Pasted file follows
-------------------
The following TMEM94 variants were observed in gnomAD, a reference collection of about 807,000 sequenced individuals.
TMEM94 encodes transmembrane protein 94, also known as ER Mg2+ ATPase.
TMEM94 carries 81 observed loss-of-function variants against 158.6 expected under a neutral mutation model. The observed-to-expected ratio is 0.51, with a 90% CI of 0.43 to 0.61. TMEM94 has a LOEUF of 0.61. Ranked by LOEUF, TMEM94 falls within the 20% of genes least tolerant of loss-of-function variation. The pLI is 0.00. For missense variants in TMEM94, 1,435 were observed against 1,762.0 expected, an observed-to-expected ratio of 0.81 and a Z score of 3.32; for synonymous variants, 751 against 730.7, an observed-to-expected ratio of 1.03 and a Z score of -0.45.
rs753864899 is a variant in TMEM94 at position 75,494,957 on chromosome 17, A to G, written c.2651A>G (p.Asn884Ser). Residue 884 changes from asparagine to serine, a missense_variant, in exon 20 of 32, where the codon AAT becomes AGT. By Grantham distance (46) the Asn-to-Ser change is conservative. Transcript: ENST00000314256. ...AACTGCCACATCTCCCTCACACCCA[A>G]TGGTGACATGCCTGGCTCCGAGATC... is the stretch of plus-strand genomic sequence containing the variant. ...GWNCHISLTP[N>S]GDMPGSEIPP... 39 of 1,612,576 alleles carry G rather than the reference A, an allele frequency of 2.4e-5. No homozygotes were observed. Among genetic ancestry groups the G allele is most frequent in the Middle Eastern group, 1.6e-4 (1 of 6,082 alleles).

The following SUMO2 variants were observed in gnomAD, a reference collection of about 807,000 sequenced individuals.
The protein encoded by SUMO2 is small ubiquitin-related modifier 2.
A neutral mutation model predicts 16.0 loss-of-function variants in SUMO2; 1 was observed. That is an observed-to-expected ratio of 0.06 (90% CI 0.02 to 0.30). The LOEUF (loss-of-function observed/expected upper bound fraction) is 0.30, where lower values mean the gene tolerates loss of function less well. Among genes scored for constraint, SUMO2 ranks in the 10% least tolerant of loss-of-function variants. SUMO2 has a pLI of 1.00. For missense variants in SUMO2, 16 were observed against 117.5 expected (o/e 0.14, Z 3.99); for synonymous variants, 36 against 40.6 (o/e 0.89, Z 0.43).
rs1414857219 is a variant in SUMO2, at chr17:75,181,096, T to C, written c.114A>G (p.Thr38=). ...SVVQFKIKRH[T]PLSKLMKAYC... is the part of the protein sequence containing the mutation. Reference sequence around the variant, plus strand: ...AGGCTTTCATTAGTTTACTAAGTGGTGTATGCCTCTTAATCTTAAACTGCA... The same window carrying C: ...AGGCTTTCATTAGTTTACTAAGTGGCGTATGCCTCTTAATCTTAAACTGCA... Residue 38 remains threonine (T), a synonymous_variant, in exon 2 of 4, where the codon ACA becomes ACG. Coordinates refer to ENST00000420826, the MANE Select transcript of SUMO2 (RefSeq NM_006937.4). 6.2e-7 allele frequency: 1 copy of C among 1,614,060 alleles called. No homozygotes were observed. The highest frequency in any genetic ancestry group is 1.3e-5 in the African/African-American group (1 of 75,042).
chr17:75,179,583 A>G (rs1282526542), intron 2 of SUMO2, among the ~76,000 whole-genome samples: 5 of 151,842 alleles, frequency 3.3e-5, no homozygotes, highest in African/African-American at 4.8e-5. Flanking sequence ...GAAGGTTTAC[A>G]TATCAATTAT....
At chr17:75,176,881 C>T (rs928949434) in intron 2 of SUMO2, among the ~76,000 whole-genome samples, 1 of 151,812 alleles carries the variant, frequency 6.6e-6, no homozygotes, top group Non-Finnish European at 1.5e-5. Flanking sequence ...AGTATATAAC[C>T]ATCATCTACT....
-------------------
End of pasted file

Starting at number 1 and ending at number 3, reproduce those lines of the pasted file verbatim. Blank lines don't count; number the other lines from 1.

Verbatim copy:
The following TMEM94 variants were observed in gnomAD, a reference collection of about 807,000 sequenced individuals.
TMEM94 encodes transmembrane protein 94, also known as ER Mg2+ ATPase.
TMEM94 carries 81 observed loss-of-function variants against 158.6 expected under a neutral mutation model. The observed-to-expected ratio is 0.51, with a 90% CI of 0.43 to 0.61. TMEM94 has a LOEUF of 0.61. Ranked by LOEUF, TMEM94 falls within the 20% of genes least tolerant of loss-of-function variation. The pLI is 0.00. For missense variants in TMEM94, 1,435 were observed against 1,762.0 expected, an observed-to-expected ratio of 0.81 and a Z score of 3.32; for synonymous variants, 751 against 730.7, an observed-to-expected ratio of 1.03 and a Z score of -0.45.